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August 3, 2021

The Great Unknown: Unfinished Teaching and Learning

I know you are already thinking about school. Or at least you are dreaming about it, as ‘teacher dreams” begin creeping into our psyche just about now. This promises to be a landmark year, full of re-acclimation, adjusting, and awareness about unfinished learning from our time in the pandemic. 

Unfinished learning is usually a result of disruption in learning, causing students — particularly those students who are marginalized — to miss out on skills and concepts required to progress to subsequent content within our current education system. Educators are no strangers to re-teaching concepts that students struggle to grasp, but this is bigger than that. Much bigger. 

Consider this hypothetical class of 35 students. This example is for illustration purposes; you decide whether it’s realistic…and I think we can agree that it is. 

  • 10 students have been present daily for distance learning.  
  • 5 students do not have access to reliable internet.  
  • 5 have been learning in the hybrid model, straddling both in-person and distance learning.  
  • 5 are struggling with a range of mental health disorders that can prevent engagement.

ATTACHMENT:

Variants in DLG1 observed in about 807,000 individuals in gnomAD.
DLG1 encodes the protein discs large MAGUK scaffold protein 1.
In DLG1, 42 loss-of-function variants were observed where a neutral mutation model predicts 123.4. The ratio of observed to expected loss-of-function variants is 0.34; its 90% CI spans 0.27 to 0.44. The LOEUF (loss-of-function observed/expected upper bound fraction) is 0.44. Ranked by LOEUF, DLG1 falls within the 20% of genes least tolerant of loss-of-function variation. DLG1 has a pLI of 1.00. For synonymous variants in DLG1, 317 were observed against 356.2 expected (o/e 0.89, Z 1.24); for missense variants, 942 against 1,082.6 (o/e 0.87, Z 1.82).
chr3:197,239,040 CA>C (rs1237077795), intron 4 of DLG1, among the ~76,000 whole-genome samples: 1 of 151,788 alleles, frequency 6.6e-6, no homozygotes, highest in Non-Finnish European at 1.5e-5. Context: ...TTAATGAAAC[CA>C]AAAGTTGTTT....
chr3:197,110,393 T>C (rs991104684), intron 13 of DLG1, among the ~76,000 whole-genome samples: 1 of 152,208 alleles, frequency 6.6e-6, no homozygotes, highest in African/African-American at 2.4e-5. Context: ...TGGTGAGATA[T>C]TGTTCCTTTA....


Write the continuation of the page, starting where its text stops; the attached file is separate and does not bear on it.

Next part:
• 10 do not show up for distance learning, because of any or all of the following reasons: no access to technology at home, a parent experiencing unemployment, sickness, no adult at home to supervise, specific learning challenges best remedied by face-to-face learning, and more.  

With the above class, whether in-person or virtual, student needs are diverse.  Fortunately, some of the remedies for unfinished learning and teaching fall under what we already know as best practices: 

  • Focus on Social and Emotional Learning (SEL) strategies! Extra attentiveness to relationship building, along with a healthy dose of empathy and compassion, can pave the way for more engaging student learning. 
  • Administer appropriate diagnostic and pre-assessments, along with interest surveys and learning preference surveys, to understand what students have learned, and to identify the learning gaps for unfinished learning.  
  • Consider using a parent survey to gather information about immediate concerns for their children, with an emphasis around unfinished learning. 
  • Our favorite way to learn about students’ goals: Ask them! Identify student academic and personal goals to tailor individualized instructional planning for unfinished learning that is relevant to each child’s unique learner needs.  

Hopefully, you’ll be able to apply these tips to help you and your students work with unfinished teaching and learning. And we are just getting started, Teaching Channel just released a new online course on this timely topic to dive deeper into strategies for bridging the learning loss gap with acceleration, recovery, and retention. 

Course 5147: Bringing Students from Unfinished Learning to Soaring Achievement


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